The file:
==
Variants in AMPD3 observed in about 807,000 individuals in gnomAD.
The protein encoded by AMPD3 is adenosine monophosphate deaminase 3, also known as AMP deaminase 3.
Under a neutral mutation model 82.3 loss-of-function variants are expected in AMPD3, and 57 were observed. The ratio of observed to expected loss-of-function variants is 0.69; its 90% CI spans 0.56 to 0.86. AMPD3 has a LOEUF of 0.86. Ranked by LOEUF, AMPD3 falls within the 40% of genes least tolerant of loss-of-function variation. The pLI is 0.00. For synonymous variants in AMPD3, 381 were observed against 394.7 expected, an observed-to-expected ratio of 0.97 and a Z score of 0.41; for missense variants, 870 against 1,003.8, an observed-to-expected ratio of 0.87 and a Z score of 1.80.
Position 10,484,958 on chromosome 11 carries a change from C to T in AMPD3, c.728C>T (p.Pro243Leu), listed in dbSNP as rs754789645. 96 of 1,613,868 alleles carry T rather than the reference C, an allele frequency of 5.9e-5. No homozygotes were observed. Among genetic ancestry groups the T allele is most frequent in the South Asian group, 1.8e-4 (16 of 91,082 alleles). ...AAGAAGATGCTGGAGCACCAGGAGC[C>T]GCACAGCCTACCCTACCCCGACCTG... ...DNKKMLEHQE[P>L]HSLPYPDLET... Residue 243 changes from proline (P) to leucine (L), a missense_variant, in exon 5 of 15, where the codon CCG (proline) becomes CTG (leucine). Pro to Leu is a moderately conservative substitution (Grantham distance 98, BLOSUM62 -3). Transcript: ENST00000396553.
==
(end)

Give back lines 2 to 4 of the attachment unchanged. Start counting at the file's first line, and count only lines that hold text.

The protein encoded by AMPD3 is adenosine monophosphate deaminase 3, also known as AMP deaminase 3.
Under a neutral mutation model 82.3 loss-of-function variants are expected in AMPD3, and 57 were observed. The ratio of observed to expected loss-of-function variants is 0.69; its 90% CI spans 0.56 to 0.86. AMPD3 has a LOEUF of 0.86. Ranked by LOEUF, AMPD3 falls within the 40% of genes least tolerant of loss-of-function variation. The pLI is 0.00. For synonymous variants in AMPD3, 381 were observed against 394.7 expected, an observed-to-expected ratio of 0.97 and a Z score of 0.41; for missense variants, 870 against 1,003.8, an observed-to-expected ratio of 0.87 and a Z score of 1.80.
Position 10,484,958 on chromosome 11 carries a change from C to T in AMPD3, c.728C>T (p.Pro243Leu), listed in dbSNP as rs754789645. 96 of 1,613,868 alleles carry T rather than the reference C, an allele frequency of 5.9e-5. No homozygotes were observed. Among genetic ancestry groups the T allele is most frequent in the South Asian group, 1.8e-4 (16 of 91,082 alleles). ...AAGAAGATGCTGGAGCACCAGGAGC[C>T]GCACAGCCTACCCTACCCCGACCTG... ...DNKKMLEHQE[P>L]HSLPYPDLET... Residue 243 changes from proline (P) to leucine (L), a missense_variant, in exon 5 of 15, where the codon CCG (proline) becomes CTG (leucine). Pro to Leu is a moderately conservative substitution (Grantham distance 98, BLOSUM62 -3). Transcript: ENST00000396553.